[Found via Futurismic] The Economist

takes a look at the successes and failures of the open source movement, and comes to this conclusion: “The most important thing

holding back the open-source model, apparently, is itself.” The article levels two basic indictments at open source:

  1. The most successful open-source projects are those which are

    least open, involving a small group of centralized controllers who

    tightly monitor which freely contributed elements are added to the

    collective content or code. This is true of Firefox, MySQL, Apache and,

    of late, Wikipedia.

  2. Open source doesn’t innovate. Name any open source project, and

    you’ll find that it’s a better, cheaper, and/or easier version of a

    classic, proprietary product or idea. Firefox is a better Internet

    Explorer; Wikipedia is a cheaper encyclopedia. Can you name any open

    source idea which was original to open source?

I have two reactions to these indictments: “I agree” and “So what?”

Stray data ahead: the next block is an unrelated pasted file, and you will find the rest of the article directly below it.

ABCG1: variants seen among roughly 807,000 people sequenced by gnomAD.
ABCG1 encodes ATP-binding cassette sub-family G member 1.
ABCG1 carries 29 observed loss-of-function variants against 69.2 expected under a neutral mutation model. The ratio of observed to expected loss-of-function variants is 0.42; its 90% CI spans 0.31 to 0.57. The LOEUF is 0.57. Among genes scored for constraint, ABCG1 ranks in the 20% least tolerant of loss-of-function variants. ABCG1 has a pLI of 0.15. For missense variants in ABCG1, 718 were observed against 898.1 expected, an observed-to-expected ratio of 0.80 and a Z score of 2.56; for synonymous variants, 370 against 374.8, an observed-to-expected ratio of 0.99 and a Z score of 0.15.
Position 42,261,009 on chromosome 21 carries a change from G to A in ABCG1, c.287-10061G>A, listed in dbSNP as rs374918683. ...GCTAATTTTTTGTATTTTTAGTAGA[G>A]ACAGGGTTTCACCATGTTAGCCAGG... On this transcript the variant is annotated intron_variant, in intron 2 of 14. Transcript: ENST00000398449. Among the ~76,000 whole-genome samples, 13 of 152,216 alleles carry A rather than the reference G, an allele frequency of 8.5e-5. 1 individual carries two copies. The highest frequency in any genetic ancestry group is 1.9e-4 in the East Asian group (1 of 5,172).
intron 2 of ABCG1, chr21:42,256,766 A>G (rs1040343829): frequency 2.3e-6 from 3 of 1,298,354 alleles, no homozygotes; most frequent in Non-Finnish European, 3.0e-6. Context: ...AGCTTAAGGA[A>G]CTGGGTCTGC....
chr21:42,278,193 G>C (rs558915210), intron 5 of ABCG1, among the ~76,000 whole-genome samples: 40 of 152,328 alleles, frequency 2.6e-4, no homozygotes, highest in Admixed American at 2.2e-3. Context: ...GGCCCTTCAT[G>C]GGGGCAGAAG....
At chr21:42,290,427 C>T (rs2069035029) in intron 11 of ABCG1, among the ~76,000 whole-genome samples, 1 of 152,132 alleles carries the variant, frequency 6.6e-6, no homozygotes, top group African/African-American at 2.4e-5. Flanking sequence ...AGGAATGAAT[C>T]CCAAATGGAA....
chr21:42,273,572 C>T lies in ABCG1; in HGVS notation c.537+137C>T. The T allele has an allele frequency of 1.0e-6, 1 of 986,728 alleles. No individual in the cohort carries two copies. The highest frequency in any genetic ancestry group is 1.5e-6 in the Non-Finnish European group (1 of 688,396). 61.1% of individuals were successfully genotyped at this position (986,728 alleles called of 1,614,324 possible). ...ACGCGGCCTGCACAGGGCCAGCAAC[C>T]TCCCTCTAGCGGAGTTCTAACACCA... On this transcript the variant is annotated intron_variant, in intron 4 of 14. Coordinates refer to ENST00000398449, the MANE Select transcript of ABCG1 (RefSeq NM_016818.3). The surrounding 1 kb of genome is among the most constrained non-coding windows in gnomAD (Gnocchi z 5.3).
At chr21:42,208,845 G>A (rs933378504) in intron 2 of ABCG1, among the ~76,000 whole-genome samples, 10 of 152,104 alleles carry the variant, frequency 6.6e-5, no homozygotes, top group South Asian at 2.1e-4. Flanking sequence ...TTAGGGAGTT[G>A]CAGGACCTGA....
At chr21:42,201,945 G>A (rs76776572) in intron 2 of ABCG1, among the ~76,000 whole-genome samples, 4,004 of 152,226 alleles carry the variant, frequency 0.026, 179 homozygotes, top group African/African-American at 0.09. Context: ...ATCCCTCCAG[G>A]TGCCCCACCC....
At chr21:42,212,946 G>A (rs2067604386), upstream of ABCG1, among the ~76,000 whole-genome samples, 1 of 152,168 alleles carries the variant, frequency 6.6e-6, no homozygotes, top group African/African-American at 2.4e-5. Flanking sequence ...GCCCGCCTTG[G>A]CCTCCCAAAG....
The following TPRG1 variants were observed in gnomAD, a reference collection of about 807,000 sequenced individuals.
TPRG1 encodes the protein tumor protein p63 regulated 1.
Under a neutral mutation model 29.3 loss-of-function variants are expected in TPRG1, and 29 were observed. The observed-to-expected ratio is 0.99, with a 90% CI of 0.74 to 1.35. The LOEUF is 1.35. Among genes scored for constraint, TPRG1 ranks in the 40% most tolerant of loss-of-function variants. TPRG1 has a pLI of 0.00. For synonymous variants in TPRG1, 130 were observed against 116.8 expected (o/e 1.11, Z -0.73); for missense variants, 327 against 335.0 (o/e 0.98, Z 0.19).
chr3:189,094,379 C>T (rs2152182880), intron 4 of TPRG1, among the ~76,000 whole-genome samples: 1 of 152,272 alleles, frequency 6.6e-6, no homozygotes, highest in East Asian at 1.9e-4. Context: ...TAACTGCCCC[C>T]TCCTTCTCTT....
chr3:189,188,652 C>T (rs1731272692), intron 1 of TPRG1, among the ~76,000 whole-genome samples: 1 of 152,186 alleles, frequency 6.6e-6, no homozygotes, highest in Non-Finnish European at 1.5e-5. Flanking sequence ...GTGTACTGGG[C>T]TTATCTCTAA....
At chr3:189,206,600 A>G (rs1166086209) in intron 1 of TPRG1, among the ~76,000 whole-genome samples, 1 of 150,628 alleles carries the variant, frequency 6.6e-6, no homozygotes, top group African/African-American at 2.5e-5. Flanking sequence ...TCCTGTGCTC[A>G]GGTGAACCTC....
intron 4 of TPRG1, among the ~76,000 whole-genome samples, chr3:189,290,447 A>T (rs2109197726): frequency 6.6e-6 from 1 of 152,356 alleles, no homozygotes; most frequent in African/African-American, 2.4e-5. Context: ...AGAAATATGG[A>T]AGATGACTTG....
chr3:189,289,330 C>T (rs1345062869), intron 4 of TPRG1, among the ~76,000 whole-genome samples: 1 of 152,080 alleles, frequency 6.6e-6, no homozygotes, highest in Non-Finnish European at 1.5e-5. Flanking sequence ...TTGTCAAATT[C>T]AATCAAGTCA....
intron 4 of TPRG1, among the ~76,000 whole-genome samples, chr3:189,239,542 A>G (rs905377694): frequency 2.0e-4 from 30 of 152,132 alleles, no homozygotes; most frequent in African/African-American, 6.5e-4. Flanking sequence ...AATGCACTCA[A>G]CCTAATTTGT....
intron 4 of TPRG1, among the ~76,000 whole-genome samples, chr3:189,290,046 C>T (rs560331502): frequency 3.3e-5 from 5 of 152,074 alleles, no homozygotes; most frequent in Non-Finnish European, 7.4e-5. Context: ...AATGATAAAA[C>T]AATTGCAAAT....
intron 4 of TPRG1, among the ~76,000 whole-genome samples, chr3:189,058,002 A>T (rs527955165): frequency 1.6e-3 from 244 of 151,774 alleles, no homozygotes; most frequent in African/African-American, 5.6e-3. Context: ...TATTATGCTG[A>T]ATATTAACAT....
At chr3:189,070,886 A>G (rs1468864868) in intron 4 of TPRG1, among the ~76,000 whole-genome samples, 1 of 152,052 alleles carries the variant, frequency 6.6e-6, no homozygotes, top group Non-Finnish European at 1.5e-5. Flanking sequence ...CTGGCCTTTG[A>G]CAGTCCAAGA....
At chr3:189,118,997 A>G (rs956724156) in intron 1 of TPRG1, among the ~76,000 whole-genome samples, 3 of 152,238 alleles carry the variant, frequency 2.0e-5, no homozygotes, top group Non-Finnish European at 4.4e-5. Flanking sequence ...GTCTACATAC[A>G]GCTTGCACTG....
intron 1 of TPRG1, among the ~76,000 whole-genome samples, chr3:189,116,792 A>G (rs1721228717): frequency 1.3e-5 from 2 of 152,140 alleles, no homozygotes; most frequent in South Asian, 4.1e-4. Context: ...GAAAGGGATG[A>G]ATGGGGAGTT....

As with any group project, success is a function of quality of

leadership. Mob rule leads to the lowest common denominator, which is

why many high-ideal open source projects fail after the first few

rah-rah meetings. SourceForge

is littered with projects that went nowhere for exactly this reason.

It’s best to enter such projects expecting no help and being pleasantly

surprised rather than expecting and needing help only to see your project fail.

As to the failure to innovate, even if it’s true (I suspect it largely

is), that doesn’t invalidate open source. It just means one must

measure his expectations of the process. If all that open source ever

does is massively improve proprietary ideas–thereby creating

competition that forces proprietary entities to continue to

innovate–it’s still worth it.

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